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Former Texas Border Patrol Agent Sentenced for Civil Rights Violations

WASHINGTON – Pablo Rosario, a former U.S. Border Patrol Agent stationed in El Paso, Texas, was sentenced today in federal court in El Paso to 24 months imprisonment for violating the civil rights of two illegal aliens. After release from prison, Rosario will be on federal supervised release for one year.

Rosario worked as a Border Patrol agent from 2000 to 2006. On July 26, 2007, Rosario pleaded guilty to two counts of violating the civil rights of two female undocumented aliens, a mother and her 15-year-old daughter. Specifically, Rosario admitted that he apprehended the two women on March 7, 2004, and fondled the victims’ breasts and genitals during the course of a search incident to their arrests. After the assaults, Rosario released the aliens without processing them.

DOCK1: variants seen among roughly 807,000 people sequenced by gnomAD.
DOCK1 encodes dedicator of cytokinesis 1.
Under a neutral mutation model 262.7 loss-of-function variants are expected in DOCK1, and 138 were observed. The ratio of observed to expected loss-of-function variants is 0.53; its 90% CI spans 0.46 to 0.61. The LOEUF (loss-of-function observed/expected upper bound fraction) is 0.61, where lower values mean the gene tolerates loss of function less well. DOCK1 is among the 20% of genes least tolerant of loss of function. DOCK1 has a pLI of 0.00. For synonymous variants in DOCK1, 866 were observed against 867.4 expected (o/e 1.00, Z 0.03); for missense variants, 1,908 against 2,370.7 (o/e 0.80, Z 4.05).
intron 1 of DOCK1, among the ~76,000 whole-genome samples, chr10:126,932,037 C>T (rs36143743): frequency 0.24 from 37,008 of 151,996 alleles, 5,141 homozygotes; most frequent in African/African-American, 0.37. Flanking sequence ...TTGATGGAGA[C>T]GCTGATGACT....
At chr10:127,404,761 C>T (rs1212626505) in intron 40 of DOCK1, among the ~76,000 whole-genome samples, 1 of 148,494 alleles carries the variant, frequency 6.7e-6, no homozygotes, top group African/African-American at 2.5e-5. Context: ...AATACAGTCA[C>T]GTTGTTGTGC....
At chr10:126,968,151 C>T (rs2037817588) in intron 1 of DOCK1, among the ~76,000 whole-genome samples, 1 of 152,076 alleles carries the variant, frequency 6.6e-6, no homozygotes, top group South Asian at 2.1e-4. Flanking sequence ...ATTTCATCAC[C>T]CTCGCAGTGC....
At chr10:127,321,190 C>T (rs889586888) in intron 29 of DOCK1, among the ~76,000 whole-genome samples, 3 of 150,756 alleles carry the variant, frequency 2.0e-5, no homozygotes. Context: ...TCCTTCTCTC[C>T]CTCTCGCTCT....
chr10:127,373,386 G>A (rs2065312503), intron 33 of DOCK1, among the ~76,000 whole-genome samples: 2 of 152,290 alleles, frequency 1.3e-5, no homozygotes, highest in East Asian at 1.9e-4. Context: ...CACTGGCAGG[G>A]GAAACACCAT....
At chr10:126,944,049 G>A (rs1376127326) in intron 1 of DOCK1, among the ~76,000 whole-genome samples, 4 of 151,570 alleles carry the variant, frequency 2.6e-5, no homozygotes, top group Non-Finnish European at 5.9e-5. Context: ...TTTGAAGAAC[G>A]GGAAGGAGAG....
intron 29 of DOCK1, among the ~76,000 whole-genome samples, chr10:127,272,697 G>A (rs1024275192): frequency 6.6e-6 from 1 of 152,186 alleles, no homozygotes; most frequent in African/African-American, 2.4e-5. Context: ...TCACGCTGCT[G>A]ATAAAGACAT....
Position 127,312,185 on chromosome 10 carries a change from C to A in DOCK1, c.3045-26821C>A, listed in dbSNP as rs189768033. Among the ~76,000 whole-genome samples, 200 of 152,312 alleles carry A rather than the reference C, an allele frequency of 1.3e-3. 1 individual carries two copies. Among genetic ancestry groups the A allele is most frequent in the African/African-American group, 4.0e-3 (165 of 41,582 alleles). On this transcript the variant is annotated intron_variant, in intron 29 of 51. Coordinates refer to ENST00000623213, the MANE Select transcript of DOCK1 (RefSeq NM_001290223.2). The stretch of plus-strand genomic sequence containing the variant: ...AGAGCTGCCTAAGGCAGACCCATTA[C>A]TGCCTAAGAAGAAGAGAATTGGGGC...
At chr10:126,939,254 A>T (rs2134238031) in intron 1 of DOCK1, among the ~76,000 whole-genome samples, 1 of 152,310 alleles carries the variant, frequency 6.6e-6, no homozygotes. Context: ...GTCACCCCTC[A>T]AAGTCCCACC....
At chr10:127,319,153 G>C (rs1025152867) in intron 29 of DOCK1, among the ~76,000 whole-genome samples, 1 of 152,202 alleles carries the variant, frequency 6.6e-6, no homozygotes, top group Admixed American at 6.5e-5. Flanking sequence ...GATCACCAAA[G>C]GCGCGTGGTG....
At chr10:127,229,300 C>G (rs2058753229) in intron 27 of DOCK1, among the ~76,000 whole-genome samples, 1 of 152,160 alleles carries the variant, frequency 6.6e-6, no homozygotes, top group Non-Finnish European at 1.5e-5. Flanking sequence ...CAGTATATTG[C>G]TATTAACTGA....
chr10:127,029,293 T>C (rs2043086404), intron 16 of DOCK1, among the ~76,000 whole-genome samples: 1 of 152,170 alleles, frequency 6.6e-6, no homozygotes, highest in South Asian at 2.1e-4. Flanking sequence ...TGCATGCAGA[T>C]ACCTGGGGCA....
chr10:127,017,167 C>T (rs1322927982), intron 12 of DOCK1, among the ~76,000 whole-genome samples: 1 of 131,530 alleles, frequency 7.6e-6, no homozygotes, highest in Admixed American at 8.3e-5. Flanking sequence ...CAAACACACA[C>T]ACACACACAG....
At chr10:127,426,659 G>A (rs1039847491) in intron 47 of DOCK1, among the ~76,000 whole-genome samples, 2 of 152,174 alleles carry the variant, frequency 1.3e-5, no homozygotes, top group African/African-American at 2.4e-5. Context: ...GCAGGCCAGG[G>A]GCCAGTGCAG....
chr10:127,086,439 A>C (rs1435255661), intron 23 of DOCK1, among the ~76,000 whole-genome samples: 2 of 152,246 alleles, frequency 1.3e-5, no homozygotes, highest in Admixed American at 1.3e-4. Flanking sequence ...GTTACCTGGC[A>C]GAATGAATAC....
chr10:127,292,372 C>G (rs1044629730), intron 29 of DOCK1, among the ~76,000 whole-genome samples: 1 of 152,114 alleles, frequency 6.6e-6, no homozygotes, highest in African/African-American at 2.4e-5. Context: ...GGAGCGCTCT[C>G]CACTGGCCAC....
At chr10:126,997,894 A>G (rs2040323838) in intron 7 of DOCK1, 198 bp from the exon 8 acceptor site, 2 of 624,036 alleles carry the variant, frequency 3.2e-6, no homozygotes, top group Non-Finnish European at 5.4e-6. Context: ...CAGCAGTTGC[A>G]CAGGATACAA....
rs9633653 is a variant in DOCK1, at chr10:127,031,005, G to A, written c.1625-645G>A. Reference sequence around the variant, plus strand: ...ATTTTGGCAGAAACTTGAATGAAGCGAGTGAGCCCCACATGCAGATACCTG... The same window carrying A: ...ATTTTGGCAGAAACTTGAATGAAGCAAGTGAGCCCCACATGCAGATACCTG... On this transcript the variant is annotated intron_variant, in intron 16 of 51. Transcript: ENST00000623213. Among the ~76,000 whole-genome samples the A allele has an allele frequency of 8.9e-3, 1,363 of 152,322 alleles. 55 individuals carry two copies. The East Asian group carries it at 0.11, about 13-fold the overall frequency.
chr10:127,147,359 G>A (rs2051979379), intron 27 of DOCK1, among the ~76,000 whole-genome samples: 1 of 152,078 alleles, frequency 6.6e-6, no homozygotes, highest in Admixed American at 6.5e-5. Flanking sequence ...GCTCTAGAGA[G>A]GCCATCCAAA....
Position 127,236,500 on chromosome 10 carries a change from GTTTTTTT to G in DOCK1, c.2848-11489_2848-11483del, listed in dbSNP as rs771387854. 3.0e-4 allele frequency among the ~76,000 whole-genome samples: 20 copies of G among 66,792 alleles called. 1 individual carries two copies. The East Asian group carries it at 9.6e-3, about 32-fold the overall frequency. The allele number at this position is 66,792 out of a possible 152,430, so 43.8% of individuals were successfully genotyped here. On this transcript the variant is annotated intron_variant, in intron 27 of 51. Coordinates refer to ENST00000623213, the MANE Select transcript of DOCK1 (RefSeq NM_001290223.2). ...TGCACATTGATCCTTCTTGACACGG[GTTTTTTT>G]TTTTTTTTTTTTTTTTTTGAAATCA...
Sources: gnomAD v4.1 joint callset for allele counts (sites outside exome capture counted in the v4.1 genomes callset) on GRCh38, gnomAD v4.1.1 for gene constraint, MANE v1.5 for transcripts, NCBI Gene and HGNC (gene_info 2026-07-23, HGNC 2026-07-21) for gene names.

“This defendant violated the public’s trust and committed reprehensible assaults against two innocent female victims,” said Rena J. Comisac, Acting Assistant Attorney General for the Civil Rights Division of the U.S. Department of Justice. “This prosecution demonstrates the Justice Department’s commitment to aggressively pursuing law enforcement officials who willfully abuse those entrusted to their custody,” Comisac added.

The Civil Rights Division is committed to the aggressive enforcement of the nation’s civil rights laws. In the past seven years of this Administration, the Division has convicted over 50 percent more defendants for color of law, or official misconduct, violations than in the previous seven years. The Division continues to set records in the enforcement of criminal civil law. Last year, the Division convicted 189 defendants for civil rights violations, which is a record number in the 50-year history of the Division. Last year’s record broke the record set in 2006.

This case was investigated by the Federal Bureau of Investigation and the Department of Homeland Security Office of the Inspector General. Assistant United States Attorney Russell Leachman and Trial Attorney James Felte from the Civil Rights Division of the Department of Justice prosecuted the case.